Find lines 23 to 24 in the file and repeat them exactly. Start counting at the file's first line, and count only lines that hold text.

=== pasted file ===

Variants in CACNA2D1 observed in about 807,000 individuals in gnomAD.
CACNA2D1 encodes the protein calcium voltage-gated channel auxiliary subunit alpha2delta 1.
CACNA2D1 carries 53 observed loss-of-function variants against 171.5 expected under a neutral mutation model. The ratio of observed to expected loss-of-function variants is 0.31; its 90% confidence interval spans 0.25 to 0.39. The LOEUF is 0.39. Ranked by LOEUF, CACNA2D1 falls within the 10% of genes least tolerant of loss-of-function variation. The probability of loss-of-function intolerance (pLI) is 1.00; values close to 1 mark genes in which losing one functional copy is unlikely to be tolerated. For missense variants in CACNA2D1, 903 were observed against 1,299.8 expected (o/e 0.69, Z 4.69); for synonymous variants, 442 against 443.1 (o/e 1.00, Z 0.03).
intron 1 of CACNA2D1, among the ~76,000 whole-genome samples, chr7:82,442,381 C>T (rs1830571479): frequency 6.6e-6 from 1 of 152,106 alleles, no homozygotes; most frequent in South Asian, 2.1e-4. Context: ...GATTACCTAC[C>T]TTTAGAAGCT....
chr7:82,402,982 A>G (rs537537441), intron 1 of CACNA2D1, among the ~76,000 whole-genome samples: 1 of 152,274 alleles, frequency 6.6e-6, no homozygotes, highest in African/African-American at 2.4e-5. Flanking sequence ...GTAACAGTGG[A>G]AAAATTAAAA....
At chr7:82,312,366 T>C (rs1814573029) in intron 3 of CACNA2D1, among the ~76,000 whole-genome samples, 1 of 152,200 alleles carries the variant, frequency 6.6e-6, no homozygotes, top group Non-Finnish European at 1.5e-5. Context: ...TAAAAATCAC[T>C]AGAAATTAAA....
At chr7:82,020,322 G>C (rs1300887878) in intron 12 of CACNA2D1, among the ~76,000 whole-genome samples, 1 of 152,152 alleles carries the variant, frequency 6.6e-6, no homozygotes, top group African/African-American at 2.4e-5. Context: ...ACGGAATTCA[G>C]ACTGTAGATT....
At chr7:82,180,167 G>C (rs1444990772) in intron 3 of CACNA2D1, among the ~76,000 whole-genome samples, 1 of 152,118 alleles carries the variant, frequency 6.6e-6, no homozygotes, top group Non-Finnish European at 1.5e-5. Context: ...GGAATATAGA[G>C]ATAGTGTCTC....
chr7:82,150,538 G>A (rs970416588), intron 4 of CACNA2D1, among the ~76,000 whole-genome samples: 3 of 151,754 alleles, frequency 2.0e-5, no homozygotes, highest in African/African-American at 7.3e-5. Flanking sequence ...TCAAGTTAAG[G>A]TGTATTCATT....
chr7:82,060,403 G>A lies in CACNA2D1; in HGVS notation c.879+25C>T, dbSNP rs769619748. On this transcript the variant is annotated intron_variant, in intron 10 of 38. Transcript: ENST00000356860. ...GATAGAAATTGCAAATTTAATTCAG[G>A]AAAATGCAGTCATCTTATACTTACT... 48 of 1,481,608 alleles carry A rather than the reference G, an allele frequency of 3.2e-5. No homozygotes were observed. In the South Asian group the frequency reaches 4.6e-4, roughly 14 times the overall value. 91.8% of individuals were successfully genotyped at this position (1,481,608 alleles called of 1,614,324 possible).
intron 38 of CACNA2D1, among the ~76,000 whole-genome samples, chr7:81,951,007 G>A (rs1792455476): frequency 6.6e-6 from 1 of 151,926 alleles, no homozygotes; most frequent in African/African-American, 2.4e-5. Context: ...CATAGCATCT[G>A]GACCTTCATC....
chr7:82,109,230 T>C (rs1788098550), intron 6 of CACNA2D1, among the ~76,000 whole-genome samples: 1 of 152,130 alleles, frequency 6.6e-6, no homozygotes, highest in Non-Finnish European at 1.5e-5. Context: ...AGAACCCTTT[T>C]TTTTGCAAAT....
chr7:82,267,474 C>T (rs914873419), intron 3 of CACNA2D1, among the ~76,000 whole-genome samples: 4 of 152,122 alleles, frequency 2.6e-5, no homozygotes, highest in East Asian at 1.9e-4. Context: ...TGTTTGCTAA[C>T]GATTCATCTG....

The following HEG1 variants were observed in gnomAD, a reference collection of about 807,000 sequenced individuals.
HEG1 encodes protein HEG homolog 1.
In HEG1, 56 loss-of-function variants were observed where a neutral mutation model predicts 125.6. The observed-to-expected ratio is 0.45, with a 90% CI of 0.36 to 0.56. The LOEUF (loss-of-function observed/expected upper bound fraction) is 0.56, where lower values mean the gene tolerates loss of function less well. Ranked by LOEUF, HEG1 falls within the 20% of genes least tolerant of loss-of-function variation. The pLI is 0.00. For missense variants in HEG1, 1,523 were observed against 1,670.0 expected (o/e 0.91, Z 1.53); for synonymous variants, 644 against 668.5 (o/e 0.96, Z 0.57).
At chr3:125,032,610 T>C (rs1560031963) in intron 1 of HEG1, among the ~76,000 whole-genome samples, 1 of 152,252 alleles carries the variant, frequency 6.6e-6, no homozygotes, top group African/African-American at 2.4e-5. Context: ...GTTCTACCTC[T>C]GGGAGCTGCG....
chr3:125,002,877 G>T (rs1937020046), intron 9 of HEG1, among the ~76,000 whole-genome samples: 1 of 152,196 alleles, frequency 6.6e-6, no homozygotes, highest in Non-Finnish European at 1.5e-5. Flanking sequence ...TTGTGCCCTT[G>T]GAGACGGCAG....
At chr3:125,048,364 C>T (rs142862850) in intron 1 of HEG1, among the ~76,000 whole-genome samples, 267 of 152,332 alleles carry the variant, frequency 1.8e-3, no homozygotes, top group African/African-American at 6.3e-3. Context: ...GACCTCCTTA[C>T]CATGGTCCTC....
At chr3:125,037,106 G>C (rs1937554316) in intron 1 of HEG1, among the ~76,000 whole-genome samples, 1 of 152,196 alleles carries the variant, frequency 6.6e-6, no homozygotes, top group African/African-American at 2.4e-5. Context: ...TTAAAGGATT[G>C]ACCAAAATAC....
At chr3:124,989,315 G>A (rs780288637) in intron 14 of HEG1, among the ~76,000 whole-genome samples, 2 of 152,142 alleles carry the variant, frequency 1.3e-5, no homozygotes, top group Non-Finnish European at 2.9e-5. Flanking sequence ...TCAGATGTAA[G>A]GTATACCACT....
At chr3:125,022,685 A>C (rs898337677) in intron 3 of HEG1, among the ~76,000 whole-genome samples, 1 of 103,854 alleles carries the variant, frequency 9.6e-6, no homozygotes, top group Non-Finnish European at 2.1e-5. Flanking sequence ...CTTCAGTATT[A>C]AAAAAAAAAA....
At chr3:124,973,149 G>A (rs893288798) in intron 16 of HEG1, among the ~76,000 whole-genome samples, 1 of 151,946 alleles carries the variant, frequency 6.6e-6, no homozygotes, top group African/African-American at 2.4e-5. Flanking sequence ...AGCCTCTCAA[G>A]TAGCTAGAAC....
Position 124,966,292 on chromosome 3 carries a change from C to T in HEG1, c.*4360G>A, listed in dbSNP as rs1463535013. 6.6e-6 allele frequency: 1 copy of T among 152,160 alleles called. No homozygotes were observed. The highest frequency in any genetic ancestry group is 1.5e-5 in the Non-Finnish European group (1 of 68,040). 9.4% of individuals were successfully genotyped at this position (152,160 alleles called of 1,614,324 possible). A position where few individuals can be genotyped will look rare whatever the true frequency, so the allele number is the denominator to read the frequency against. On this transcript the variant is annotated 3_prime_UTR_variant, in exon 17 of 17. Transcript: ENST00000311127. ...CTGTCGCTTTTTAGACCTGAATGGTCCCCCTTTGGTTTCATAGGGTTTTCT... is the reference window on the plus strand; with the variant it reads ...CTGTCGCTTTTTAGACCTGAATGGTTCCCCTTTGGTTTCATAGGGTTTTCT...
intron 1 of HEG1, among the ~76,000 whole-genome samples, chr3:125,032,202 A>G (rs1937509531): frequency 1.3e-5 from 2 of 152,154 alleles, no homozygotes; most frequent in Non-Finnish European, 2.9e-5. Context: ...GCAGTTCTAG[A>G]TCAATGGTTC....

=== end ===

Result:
At chr3:124,973,149 G>A (rs893288798) in intron 16 of HEG1, among the ~76,000 whole-genome samples, 1 of 151,946 alleles carries the variant, frequency 6.6e-6, no homozygotes, top group African/African-American at 2.4e-5. Flanking sequence ...AGCCTCTCAA[G>A]TAGCTAGAAC....
Position 124,966,292 on chromosome 3 carries a change from C to T in HEG1, c.*4360G>A, listed in dbSNP as rs1463535013. 6.6e-6 allele frequency: 1 copy of T among 152,160 alleles called. No homozygotes were observed. The highest frequency in any genetic ancestry group is 1.5e-5 in the Non-Finnish European group (1 of 68,040). 9.4% of individuals were successfully genotyped at this position (152,160 alleles called of 1,614,324 possible). A position where few individuals can be genotyped will look rare whatever the true frequency, so the allele number is the denominator to read the frequency against. On this transcript the variant is annotated 3_prime_UTR_variant, in exon 17 of 17. Transcript: ENST00000311127. ...CTGTCGCTTTTTAGACCTGAATGGTCCCCCTTTGGTTTCATAGGGTTTTCT... is the reference window on the plus strand; with the variant it reads ...CTGTCGCTTTTTAGACCTGAATGGTTCCCCTTTGGTTTCATAGGGTTTTCT...